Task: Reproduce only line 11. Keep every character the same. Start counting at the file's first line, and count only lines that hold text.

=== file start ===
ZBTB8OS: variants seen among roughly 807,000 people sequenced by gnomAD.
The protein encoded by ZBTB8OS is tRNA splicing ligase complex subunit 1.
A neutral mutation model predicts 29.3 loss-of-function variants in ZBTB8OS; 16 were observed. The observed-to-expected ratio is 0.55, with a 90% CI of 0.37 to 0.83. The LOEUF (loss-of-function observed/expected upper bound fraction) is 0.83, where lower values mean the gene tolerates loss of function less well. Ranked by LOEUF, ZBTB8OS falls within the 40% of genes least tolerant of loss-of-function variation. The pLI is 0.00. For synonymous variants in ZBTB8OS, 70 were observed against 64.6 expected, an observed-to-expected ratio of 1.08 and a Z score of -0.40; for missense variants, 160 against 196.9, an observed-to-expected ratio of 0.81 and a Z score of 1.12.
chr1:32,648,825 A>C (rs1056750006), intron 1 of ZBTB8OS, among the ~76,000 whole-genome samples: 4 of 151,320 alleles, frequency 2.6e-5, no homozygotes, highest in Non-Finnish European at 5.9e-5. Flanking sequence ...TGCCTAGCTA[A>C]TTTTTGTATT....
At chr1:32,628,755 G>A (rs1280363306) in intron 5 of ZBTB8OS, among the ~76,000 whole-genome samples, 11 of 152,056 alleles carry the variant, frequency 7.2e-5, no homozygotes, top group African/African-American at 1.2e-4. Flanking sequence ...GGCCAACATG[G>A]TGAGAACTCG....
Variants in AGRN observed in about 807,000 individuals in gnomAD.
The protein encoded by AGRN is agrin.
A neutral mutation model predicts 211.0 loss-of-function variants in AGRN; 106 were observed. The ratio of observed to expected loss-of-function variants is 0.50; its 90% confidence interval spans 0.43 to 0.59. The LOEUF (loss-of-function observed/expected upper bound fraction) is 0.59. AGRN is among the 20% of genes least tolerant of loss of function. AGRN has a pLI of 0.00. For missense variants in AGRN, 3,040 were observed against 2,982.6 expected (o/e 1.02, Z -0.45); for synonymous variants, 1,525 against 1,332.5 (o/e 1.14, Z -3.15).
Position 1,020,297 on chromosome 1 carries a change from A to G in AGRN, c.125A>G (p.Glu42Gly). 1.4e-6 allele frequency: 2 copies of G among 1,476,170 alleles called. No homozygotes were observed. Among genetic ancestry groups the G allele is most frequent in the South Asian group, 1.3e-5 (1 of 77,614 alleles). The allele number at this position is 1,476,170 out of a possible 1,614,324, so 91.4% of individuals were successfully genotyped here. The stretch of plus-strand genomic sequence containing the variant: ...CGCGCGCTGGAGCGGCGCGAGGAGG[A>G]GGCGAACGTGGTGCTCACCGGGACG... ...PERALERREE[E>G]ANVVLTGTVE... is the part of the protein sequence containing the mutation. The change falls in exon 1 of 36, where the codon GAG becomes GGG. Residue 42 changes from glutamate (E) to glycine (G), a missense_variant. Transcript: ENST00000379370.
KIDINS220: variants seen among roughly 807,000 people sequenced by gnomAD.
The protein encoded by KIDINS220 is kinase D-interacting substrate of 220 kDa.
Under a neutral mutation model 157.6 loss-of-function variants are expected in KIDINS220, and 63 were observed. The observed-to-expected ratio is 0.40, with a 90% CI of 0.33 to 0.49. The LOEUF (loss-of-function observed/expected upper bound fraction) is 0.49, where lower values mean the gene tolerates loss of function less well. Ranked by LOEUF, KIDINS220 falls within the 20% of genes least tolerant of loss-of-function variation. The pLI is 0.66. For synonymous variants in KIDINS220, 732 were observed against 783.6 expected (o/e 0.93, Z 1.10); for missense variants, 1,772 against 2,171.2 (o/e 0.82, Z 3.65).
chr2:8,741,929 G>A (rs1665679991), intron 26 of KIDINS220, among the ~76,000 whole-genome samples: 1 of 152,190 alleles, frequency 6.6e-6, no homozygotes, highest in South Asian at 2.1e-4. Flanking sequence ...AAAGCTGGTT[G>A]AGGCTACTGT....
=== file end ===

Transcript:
The protein encoded by KIDINS220 is kinase D-interacting substrate of 220 kDa.